Finally, a Math Education Tool that Supports Research-Based Learning Theory!

Hands-On Math: Interactive Hundreds Chart creates a virtual math playground where students explore, investigate and discover mathematical concepts. Students use colored markers on the Interactive Hundreds Chart to represent patterns and number sequences.

Using Hands-On Math: Interactive Hundreds Chart students can develop the following important mathematical concepts:

  • Skip-Counting
  • Number Patterns
  • Multiplication and Division Facts
  • Prime and Composite Numbers
  • Least Common Multiple
  • Divisibility of Numbers and more.

[ Instructor's Guide (PDF) ]

We recommend that you open the Instructor's Guide PDF from your iPad in an new page and save the document in your iBooks app.

Link to PiPad YouTube video by Professor Lamb

  • Open-ended Interactive Hundreds Chart Playground.
  • Supports Discovery and Directed Teaching Strategies .
  • Problem Solving Activities which Can Be Solved Using Virtual Manipulatives.
  • The Interactive Hundreds Chart helps to Build a Fundamental Knowledge of Number Theory.
  • On/Off Options and Controls for Various Features.

Interactive Hundreds Chart Playground

Colorful markers are used to indicate patterns and sequences. The playground offers an ample supply of markers to be placed, moved, arranged, and grouped in order to represent mathematical ideas.


  • Skip-Counting
  • Patterns and Multiples
  • Even and Odd
  • Prime and Composite
  • Least Common Multiple LCM
  • Equivalency
  • Addition, Subtraction, Multiplication and Division


magic square

Interactive Hundreds Chart

Finding the Least Common Multiple

  • Choose a color and marker. Build a pattern (for example, 4, 8, 12, 16...)
  • Choose a different color and marker. Build a second pattern (for example, 5, 10, 15, 20...)
  • Locate the first number with two marks. This is the Least Common Multiple (LCM)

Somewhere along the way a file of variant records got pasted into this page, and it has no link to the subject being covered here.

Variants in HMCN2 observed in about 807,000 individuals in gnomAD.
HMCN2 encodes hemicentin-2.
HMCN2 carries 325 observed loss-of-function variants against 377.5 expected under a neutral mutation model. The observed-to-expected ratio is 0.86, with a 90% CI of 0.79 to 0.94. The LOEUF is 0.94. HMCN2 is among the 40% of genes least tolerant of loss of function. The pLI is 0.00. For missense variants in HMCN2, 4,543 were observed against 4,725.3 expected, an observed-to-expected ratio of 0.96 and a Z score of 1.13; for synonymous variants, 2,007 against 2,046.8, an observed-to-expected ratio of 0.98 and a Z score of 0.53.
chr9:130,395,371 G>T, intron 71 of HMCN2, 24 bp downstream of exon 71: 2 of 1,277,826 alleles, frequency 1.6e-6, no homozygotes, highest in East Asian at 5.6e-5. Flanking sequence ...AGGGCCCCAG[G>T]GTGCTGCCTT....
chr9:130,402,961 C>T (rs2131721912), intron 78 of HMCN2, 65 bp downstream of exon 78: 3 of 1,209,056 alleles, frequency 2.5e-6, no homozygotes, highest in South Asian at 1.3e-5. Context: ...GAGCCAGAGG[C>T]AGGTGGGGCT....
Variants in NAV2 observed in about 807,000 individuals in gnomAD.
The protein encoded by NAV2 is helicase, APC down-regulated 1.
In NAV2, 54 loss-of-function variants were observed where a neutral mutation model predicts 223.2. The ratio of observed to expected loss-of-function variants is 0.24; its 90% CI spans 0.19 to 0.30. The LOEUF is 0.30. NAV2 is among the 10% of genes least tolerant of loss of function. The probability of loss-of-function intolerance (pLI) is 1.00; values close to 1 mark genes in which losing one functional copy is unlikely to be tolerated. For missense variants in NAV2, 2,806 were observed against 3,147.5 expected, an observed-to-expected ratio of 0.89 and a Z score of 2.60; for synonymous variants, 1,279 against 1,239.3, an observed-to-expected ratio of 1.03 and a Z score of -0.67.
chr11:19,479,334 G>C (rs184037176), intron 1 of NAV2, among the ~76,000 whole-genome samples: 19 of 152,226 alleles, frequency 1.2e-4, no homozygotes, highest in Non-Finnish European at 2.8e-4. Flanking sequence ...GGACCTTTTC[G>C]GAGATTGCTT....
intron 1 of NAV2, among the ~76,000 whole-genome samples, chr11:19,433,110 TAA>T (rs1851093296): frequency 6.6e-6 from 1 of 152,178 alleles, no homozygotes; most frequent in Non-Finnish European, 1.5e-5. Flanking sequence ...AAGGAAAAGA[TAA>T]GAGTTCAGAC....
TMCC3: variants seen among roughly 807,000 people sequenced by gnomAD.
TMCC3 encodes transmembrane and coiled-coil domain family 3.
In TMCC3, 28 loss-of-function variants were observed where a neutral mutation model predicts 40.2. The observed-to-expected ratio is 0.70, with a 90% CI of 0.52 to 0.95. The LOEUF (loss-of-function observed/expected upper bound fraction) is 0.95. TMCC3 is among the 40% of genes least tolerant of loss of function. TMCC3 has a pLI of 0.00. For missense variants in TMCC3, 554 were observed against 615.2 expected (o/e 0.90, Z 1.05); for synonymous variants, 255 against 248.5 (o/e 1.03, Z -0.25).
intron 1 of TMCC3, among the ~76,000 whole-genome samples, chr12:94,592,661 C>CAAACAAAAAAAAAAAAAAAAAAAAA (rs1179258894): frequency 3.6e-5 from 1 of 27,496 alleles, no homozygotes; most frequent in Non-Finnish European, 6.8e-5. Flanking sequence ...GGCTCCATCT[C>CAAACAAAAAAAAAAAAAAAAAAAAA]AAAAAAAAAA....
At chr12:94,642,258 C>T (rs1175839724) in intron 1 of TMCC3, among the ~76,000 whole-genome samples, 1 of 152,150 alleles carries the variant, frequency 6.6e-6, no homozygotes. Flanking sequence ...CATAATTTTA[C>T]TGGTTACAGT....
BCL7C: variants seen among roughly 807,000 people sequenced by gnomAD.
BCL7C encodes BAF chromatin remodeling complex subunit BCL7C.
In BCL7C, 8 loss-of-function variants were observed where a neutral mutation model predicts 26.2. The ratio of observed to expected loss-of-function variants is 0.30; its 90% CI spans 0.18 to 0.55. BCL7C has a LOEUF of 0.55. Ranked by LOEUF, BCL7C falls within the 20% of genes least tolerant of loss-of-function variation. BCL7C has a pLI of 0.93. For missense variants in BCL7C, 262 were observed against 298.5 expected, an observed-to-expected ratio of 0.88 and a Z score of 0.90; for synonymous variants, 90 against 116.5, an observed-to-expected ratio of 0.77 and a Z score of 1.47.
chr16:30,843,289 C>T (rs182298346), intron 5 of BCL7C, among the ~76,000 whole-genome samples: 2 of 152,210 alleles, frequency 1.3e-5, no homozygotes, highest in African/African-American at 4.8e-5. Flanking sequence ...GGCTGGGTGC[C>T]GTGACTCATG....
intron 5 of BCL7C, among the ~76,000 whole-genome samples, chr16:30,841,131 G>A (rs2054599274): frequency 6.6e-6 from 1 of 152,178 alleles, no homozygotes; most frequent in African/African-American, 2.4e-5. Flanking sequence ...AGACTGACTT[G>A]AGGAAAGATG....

Quick-Check Problem Sets

Activities at a variety of skill levels are also provided. Correctly marking the answers on the Hundreds Chart produces a pattern or design, which can easily be checked by the teacher with just a glance at the student's iPad.

  • Perfect for Small Group instruction
  • Environmentally Friendly Learning - (no need to photocopy Hundreds Charts for each student)
  • A Student-Centered Approach to Learning

magic square

Review by App-oplexy

App-oplexy Review

Read how a teacher is using Hands-On Math Hundreds Chart to create individualized instructional programs that meet Common Core Standards and IEP goals for her students.

Hands-On Math: Interactive Hundreds Chart is now available at the Apple iTunes Store.

  Use our Interactive Hundreds Chart to address these Common Core Standards
Count to 100. In this range, read and write numerals and represent a number of objects with a written numeral. (Standard extends counting to 120.) Use our Interactive Hundreds Chart to address this standard by setting the speech function to ON. As students tap numbers to place markers they will hear the numbers spoken. Practice counting by 2, 3, or 4, and so on.
Add and Subtract within 20. Assist students in mastering this standard by assigning addition and subtraction problems. Place markers on the Hundreds Chart to show the answers to these problems. Let the answers form a pattern or picture.
Work with equal groups of objects to gain foundations for multiplication. Practice the multiples of the numbers from 2 to 10 by marking patternso the Hundreds Chart
Represent and solve problems involving multiplication and division. Pick a composite number from 1 to 100. Ask students to mark a pattern showing the factors of the number.
Interpret products of whole numbers, e.g., interpret 5 × 7 as the total number of objects in 5 groups of 7 objects each. Mark a pattern showing the multiples of the two factors, for example, 5 and 7. Notice that 35 is marked in both patterns. (i.e, 5, 10, 15, 20, 25, 30, 35, 40... and ( 7, 14, 21, 28, 35...)
Interpret a multiplication equation as a comparison, e.g., interpret 35 = 5 × 7 as a statement that 35 is 5 times as many as 7 and 7 times as many as 5. Represent verbal statements of multiplicative comparisons as multiplication equations.
Find all factor pairs for a whole number in the range 1–100. Recognize that a whole number is a multiple of each of its factors. Determine whether a given whole number in the range 1–100 is a multiple of a given one-digit number. Determine whether a given whole number in the range 1–100 is prime or composite. Use the Hundreds Chart to demonstrate the Sieve of Eratosthenes.
Generate a number or shape pattern that follows a given rule. Identify apparent features of the pattern that were not explicit in the rule itself.
Add and subtract fractions with unlike denominators (including mixed numbers) by replacing given fractions with equivalent fractions in such a way as to produce an equivalent sum or difference of fractions with like denominators. Use the Hundreds Chart to overlay two patterns, for example, 5 and 7. Notice that 35 is the first number that occurs in both patterns. 35 is the LCM of 5 and 7.